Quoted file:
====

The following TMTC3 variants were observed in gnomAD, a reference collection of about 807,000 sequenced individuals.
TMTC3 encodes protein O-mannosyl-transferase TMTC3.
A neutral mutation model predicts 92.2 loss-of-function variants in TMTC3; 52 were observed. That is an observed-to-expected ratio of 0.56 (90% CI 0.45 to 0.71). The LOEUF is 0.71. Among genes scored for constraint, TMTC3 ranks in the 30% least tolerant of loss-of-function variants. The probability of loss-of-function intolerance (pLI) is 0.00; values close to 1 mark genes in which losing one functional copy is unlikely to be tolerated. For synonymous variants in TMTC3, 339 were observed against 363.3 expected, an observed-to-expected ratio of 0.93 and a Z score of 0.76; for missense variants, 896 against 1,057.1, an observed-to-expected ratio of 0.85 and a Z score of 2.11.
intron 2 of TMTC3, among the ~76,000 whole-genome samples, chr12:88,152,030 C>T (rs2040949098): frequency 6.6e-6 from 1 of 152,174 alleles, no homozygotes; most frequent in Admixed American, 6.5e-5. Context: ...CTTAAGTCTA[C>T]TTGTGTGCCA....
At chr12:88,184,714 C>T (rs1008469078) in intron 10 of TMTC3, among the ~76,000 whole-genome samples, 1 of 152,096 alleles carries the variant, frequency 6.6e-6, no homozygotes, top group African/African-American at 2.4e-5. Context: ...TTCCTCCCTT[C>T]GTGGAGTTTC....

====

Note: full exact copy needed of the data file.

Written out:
The following TMTC3 variants were observed in gnomAD, a reference collection of about 807,000 sequenced individuals.
TMTC3 encodes protein O-mannosyl-transferase TMTC3.
A neutral mutation model predicts 92.2 loss-of-function variants in TMTC3; 52 were observed. That is an observed-to-expected ratio of 0.56 (90% CI 0.45 to 0.71). The LOEUF is 0.71. Among genes scored for constraint, TMTC3 ranks in the 30% least tolerant of loss-of-function variants. The probability of loss-of-function intolerance (pLI) is 0.00; values close to 1 mark genes in which losing one functional copy is unlikely to be tolerated. For synonymous variants in TMTC3, 339 were observed against 363.3 expected, an observed-to-expected ratio of 0.93 and a Z score of 0.76; for missense variants, 896 against 1,057.1, an observed-to-expected ratio of 0.85 and a Z score of 2.11.
intron 2 of TMTC3, among the ~76,000 whole-genome samples, chr12:88,152,030 C>T (rs2040949098): frequency 6.6e-6 from 1 of 152,174 alleles, no homozygotes; most frequent in Admixed American, 6.5e-5. Context: ...CTTAAGTCTA[C>T]TTGTGTGCCA....
At chr12:88,184,714 C>T (rs1008469078) in intron 10 of TMTC3, among the ~76,000 whole-genome samples, 1 of 152,096 alleles carries the variant, frequency 6.6e-6, no homozygotes, top group African/African-American at 2.4e-5. Context: ...TTCCTCCCTT[C>T]GTGGAGTTTC....